May 20, 2020

Are Nissan’s self-driving hotel slippers a sign of Japan’s tourism boom?

singapore
Japan
Nissan
M Social
3 min
Are Nissan’s self-driving hotel slippers a sign of Japan’s tourism boom?

Self-driving slippers

A Japanese inn is making use of automated technology to offer self-driving slippers.

Nissan Motor Corp has developed slippers which can “park” themselves at the entrance of the Inn, ready for guests to use on arrival when they take off their shoes.

The slippers have small wheels, a motor and sensors to drive them across the Inn’s wooden floors. They use the ProPilot Park Technology which is used in Nissan’s Leaf battery car, coupled with high tech cameras and sensors to allow the electric car to park by itself.

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A simplified version of the tech has been implemented at the high-end, traditional Japanese Ryokan inn in the resort town of Hakoke which is a tourism hotspot known for its views of Mount Fuji.

The system is said to bring together traditional furnishings with the latest technology to maximise guest experience.

 

Autonomous potential

Nissan spokesperson Nick Maxfield said: “the self-parking slippers are meant to raise awareness of automated driving technologies, and their potential, non-driving applications”.

Indeed, the inn also features floor cushions and low tables that can drive into place automatically.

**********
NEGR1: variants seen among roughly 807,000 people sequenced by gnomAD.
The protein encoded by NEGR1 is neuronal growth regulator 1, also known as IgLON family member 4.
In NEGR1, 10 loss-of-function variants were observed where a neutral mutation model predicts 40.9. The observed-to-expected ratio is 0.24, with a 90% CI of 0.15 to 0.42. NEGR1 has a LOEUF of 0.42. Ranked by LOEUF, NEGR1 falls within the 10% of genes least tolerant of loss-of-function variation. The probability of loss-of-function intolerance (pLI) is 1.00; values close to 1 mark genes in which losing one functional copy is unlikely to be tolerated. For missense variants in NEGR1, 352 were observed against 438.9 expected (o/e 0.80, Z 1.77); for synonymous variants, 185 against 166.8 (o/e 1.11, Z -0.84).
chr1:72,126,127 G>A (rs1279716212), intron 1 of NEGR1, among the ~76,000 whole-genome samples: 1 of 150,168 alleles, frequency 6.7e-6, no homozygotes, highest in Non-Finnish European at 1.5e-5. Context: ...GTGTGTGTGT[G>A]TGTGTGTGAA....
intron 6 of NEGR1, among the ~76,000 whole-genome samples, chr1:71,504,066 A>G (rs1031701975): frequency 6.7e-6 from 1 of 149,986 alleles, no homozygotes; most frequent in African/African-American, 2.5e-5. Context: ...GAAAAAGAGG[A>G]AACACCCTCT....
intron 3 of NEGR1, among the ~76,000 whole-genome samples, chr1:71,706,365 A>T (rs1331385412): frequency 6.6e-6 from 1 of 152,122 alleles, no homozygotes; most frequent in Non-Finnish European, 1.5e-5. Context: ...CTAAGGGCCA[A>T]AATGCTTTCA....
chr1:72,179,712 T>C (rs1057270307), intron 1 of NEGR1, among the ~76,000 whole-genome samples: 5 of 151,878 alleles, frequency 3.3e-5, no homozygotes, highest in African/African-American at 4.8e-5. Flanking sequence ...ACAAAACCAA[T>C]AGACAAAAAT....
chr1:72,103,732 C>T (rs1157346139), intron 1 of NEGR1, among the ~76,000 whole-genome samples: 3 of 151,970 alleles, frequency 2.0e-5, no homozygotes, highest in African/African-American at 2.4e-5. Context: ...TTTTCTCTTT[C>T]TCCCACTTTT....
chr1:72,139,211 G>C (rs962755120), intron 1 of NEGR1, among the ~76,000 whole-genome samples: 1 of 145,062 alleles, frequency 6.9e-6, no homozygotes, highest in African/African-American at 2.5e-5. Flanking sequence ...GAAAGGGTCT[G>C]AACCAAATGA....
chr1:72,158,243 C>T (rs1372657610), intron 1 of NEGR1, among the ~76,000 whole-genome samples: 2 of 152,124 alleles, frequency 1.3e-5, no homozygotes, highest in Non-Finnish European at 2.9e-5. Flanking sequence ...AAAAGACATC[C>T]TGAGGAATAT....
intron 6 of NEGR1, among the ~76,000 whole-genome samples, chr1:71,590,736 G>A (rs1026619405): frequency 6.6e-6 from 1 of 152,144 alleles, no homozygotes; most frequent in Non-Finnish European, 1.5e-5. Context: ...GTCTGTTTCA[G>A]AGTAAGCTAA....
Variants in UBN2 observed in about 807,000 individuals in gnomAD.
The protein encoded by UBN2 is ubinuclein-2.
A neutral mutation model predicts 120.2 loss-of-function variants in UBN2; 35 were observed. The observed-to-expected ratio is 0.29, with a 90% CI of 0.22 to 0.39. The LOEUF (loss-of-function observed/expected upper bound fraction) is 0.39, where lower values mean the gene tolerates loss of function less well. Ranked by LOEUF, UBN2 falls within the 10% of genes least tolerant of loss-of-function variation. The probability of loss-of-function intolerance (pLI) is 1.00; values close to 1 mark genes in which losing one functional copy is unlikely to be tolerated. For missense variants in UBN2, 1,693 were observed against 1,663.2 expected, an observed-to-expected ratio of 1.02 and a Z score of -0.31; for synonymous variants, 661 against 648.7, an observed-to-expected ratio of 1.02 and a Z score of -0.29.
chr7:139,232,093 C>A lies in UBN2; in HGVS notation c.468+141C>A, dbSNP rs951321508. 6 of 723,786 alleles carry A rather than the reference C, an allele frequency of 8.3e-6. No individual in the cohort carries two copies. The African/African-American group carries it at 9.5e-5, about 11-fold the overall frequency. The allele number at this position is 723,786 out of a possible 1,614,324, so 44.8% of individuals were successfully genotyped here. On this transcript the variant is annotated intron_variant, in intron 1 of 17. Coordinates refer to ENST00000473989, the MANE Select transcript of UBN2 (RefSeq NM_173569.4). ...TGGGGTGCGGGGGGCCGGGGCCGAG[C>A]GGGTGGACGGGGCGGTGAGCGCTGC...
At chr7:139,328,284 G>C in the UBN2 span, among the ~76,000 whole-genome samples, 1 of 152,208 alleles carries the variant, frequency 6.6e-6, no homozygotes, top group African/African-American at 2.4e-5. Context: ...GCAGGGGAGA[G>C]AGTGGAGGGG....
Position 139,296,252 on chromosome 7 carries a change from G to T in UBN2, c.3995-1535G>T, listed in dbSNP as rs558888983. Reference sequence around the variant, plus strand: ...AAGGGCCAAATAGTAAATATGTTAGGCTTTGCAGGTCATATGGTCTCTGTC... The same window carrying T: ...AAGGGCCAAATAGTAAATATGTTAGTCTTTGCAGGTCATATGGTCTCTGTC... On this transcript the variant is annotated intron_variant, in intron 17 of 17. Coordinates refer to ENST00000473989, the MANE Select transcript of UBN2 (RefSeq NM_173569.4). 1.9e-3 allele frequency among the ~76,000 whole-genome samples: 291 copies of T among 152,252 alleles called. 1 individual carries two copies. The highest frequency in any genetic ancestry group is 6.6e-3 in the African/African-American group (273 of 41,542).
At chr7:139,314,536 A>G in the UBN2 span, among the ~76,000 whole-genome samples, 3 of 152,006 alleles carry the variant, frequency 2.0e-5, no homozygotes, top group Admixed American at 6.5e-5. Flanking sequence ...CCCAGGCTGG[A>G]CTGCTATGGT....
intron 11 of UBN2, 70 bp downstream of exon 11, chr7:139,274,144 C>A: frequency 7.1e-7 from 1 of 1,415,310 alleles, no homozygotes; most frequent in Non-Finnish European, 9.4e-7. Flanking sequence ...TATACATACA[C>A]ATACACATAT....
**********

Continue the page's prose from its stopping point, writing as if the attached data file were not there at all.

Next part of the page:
Ryokan is not the only hotel to take advantage of autonomous technology: M Social Singapore won two international awards late last year for its room service robot, AURA, which delivers items automatically to guests rooms and was praised for “addressing with innovation the serious manpower shortage in the hospitality sector”.

 

Is hospitality on the rise?

The move also points to an increasingly competitive hospitality market as tourism in Japan is on the rise, both in tourist numbers and dollars, suggesting foreign travellers are willing to go for more luxury experiences as they continue to bring more and more money into the country.

It has recently been found that due to a weaker yen, slightly relaxed visa restrictions and marketing campaigns, 2017 was the fifth year in a row that both arrivals and spending increased in Japan’s tourism sector.

In 2017, nearly 29mn visitors came to Japan according to the Asia Times, contributing $36bn to Japan’s GDP, in an economy now worth $5trn in total.

This marked a 19.3% year-on-year increase from 2016, when tourism accounted for 7.4% of the country’s GDP.

It is predicted that by 2020, Japan will be a destination for over 40mn tourists annually, and this is projected to a figure of 60mn by 2030.

However, it’s likely more innovations and change such as Nissan’s technology will be needed, as the Asia Times stated the tourism boom has highlighted several weak spots in the industry, including a lack of tourism infrastructure such as modernised airports and wifi provision, few skilled English speakers, and a lack of non-smoking areas. This leaves huge opportunities for businesses to gain a slice of the growing industry.

 

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